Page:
Archive for October, 2015

Ever Wonder What’s In the Back of the Wallpaper Lady’s Van?

October 31, 2015
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It’s like a traveling hardware store! But everything I use on a regular basis is easily accessible from the rear (first two photos) or side (third photo) doors. Once you step inside (remaining photos), there is a whole lot more tools and equipment!

I got this van from Dave Cory Motors (highly recommended!) in Houston in April. It is larger than my previous three Chevy Astro Vans, and I am enjoying the extra room. I put carpeting on all the walls, and also padding and carpeting on the floor, cab and cargo area. I added a lip to prevent my 50lb buckets of paste from sliding out the side door, and built a drawer unit and a shelf unit for specific items. I had custom shelving installed on one side.

I usually only carry one ladder, but when needed, the 10′ bed will easily accommodate my extension ladder (two ladders are pictured here, stacked on top of one another). Other tools and equipment stashed in here include: up to four 5-gallon buckets of paste, boxes of joint compound, 1-gallon cans of four different types of primer, tool box, paperhanging tools, work table and folding legs, drop cloths & towels, two box fans and a floor fan, space heater, 2’x4′ sheet of plywood for setting ladder on top of bathtubs, rolls of plastic sheeting, extension cords, heat gun, craft paint, specialty tools, sponges, sanding sponges, caulk, spare scissors, trimmers, straight edges, roller covers, switch plate covers, screw & wall anchors, broom and dustpan, and all sorts of other tools and equipment and gadgets you never thought you would need – but just might. šŸ˜‰

Plus gym bag, and theĀ satchelsĀ I bring when I consult with clients.

And, as you can see, it is proudly neat and organized. I call it a “girl truck.”
Because the guys tend to toss their tools into an empty 5-gallon bucket, and then throw all their equipment willy-nilly into the back of their van – or even a pick-up truck, open to the rain, for Pete’s sake!

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Berlin Wall Graffiti Wallpaper Today!

October 30, 2015

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Wow – isn’t this a cool wallpaper! This is a photograph of a section of the Berlin Wall, complete with graffiti. I hung this in a home office in a brand new, contemporary style home in Oak Forest, in Houston, and, boy – in a house with all white walls, it sure energizes the space!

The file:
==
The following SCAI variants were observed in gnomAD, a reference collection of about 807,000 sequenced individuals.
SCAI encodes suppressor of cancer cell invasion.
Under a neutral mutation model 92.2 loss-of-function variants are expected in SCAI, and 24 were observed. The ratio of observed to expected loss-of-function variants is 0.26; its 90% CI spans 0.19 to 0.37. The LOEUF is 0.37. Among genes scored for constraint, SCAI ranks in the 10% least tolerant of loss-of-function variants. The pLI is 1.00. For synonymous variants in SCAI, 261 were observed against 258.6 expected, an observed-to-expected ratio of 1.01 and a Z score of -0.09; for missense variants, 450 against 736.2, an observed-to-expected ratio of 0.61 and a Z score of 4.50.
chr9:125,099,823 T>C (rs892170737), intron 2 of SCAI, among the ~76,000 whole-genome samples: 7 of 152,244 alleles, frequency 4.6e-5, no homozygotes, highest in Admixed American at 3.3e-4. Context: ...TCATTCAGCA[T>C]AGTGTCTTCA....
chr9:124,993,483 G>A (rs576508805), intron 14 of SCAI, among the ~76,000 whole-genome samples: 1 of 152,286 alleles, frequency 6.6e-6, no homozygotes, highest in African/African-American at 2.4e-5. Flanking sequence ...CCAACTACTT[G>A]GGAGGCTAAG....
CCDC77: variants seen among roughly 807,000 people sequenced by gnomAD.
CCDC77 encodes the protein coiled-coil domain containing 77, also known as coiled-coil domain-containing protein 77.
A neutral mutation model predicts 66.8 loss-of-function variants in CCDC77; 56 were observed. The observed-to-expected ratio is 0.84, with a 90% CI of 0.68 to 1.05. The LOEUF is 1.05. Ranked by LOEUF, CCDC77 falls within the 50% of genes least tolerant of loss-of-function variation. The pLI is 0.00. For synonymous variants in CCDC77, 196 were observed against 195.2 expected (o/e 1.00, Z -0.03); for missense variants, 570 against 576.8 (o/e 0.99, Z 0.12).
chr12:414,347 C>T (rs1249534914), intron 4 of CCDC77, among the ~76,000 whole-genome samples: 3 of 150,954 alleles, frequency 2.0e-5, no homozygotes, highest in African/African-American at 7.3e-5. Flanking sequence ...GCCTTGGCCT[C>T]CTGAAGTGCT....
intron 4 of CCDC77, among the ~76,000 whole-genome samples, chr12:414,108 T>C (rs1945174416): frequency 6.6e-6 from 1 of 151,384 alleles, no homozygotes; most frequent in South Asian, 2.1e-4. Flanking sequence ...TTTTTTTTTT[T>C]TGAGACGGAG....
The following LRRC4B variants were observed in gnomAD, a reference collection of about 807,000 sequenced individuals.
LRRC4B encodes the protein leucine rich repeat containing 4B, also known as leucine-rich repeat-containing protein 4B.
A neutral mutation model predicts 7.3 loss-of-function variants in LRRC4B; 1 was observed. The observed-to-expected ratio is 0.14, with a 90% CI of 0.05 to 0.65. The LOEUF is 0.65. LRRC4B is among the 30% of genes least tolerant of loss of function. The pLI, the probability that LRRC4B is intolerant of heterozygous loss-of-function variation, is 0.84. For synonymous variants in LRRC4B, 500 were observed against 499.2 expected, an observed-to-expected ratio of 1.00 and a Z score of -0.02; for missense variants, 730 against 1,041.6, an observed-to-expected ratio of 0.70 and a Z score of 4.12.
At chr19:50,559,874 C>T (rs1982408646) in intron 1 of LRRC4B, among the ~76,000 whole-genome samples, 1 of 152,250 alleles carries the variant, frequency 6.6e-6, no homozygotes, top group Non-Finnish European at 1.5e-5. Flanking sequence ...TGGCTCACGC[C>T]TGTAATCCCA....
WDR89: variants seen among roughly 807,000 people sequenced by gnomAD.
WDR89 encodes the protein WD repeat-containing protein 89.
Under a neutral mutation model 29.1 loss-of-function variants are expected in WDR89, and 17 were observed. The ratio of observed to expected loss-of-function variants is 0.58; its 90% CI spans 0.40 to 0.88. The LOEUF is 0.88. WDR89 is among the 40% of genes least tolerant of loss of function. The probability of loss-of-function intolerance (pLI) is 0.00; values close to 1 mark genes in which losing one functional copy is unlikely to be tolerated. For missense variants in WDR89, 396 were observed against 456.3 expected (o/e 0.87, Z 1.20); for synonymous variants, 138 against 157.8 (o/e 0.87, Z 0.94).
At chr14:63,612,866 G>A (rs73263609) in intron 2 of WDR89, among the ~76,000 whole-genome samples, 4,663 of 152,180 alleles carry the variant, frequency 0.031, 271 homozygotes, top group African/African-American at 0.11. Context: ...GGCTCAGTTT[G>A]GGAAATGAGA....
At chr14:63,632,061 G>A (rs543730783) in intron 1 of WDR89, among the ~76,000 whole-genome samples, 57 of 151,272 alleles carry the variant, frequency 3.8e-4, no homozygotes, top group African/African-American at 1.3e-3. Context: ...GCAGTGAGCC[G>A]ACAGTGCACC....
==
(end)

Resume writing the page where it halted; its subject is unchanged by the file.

It is produced as a photo mural by Photo Wall, and is custom made to fit this wall. It came in seven panels, with six of them being 17 3/4″ wide, and the last being a mere 2 3/4″ wide. I wish the homeowner had told me she was using a photo mural, because I would have liked to have helped her measure and order. It turned out that the mural was the proper height (including sufficient extra for trimming at top and bottom), but was a 5″ short for the width of the wall. (Note to self: Always have a professional measure the space, before ordering wallpaper.)

With a custom-made product, you can’t just go and order an extra piece that is 5″ wide. The pattern won’t match, the color will be off, and there will be a delay and possible extra expense in getting that last strip up. Ordering a whole new mural would be expensive, for replicating materials and labor.

So we opted to hang the mural in the center of the wall, splitting the difference and leaving 2 1/2″ of uncovered wall on either side of the mural. I suggested the homeowner have her carpenter apply molding around the edges, to look like a picture frame or window casing, and she liked that idea.

This mural was digitally printed, and came on a non-woven substrate, and was a paste-the-wall product. It was very difficult to get this stiff, plasticy material to wrap around the rounded, bull-nosed edges of the window, and I had to do some tricks with this mercifully forgiving pattern, to get the four corners to look good. I won’t go into all the details, but, bottom line, the window, and the room, look fantastic!

Last photo – I thought this was cute – Photo Wall even included a set of wallpaper installing tools, and even included a packet of powdered paste. They make a DIY-friendly* product, and are affordable, too boot. *Note: With these 12′ high walls, and that complicated window, this particular project would not be considered “DIY-friendly.”

Watercolor Peony in Girl’s Bedroom

October 29, 2015

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What a dream of a room, for a sweet little girl! This is a typical tract home in the Katy suburb of Houston, but it has been kicked up a notch in the daughter’s room. The board and batten paneling was added recently, and reaches up to the 7′ height of the doors. This high paneling is a very rich and elegant look. The 2′ high wall space above that had texture typical of the new suburban homes in that area, which I smoothed out before hanging the wallpaper (see other post). One wall of the room angles inward (see other post).

The wallpaper pattern is called “Watercolor Peony” and is by Anthropologie. It looks like real watercolor, and the hues are bright and glowing. I wish I had taken a close up of it. It’s just perfect with the white metal bed, and pink bedding, and other furnishings in this little girl’s room.

Which Do You Prefer … ??

October 28, 2015
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Which do you prefer – paint on the ceiling, or wallpaper on the ceiling?

Me, I’m not a fan of wallpaper on ceilings, especially when it’s dark, or busy, or in an enclosed space. I think it makes the ceiling feel low and closed-in. Yet, all those adjectives apply to this powder room, and once the paper went up, I have to admit, it looks pretty darned good!

This particular room has a sloped ceiling, due to its location under the stairs in this new home in the Museum District of Houston. With sloped ceilings, it’s 50-50 … Do you paper the slope or not? Is the slope part of the wall, or part of the ceiling? It’s a judgment call.